Alan B. Cantor, M.D., Ph.D.

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Children's Hospital Boston, Dana-Farber Cancer Institute
Inhibition of Runx1 Tyrosine Phosphorylation in the Treatment of Human Leukemia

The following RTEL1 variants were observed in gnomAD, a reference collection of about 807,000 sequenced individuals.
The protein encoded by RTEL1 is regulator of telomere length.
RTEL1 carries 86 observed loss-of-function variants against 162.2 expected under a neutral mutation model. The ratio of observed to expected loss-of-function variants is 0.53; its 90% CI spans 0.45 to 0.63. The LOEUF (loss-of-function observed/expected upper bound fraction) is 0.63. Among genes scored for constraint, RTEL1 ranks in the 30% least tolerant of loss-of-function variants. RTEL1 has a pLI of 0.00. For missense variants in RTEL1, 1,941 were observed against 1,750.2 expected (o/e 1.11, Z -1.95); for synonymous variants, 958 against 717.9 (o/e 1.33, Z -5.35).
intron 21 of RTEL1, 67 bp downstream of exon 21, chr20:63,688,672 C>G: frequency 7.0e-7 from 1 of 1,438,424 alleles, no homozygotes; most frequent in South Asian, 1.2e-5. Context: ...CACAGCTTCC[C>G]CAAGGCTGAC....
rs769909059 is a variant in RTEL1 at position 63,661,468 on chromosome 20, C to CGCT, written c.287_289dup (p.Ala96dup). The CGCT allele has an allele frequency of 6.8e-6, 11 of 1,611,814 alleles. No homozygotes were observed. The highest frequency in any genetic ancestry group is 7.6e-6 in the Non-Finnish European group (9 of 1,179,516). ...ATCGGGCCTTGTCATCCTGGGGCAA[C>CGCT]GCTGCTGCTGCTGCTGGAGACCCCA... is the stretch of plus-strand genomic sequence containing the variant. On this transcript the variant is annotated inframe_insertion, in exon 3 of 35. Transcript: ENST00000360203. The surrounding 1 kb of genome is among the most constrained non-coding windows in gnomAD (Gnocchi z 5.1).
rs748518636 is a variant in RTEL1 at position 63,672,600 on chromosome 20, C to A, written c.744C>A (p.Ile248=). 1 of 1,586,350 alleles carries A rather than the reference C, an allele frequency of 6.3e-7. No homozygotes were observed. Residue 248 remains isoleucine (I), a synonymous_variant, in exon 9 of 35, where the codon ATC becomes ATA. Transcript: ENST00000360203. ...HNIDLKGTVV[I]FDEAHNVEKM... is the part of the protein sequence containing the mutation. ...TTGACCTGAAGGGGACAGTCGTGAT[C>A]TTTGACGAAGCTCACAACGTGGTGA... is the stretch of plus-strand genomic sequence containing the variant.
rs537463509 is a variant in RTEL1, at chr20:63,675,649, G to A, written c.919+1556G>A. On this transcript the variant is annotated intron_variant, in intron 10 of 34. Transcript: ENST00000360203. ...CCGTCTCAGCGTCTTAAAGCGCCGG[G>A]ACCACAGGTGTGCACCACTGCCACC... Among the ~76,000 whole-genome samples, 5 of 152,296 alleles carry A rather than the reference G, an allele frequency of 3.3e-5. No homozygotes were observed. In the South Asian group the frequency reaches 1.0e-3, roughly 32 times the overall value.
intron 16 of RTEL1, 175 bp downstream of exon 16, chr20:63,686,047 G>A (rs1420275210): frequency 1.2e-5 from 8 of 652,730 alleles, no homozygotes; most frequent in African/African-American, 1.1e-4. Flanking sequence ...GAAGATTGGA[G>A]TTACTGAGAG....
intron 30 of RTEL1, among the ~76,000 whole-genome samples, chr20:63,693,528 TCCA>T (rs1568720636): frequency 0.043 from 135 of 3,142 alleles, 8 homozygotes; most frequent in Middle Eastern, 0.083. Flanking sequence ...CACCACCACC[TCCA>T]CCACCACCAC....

Normal gene expression is controlled by proteins, called transcription factors, which bind to DNA and turn on or off nearby genes. Mutations in transcription factors occur frequently in cancer, leading to disordered gene expression. The transcription factor Runx1 is one of the most common mutated genes in human leukemias, accounting for ~20-25% of cases. In many of these leukemias, the residual Runx1 activity is either inhibited or is insufficient to promote normal cell maturation. The Cantor laboratory recently discovered that a group of enzymes, called tyrosine kinases, modify Runx1 and inhibit its function. Importantly, drugs that block the activity of this class of tyrosine kinases are under active clinical development, or have already been approved, for the treatment of other types of cancer. This proposal explores the potential use of these drugs to enhance residual Runx1 activity as complementary treatment for Runx1 related human leukemias.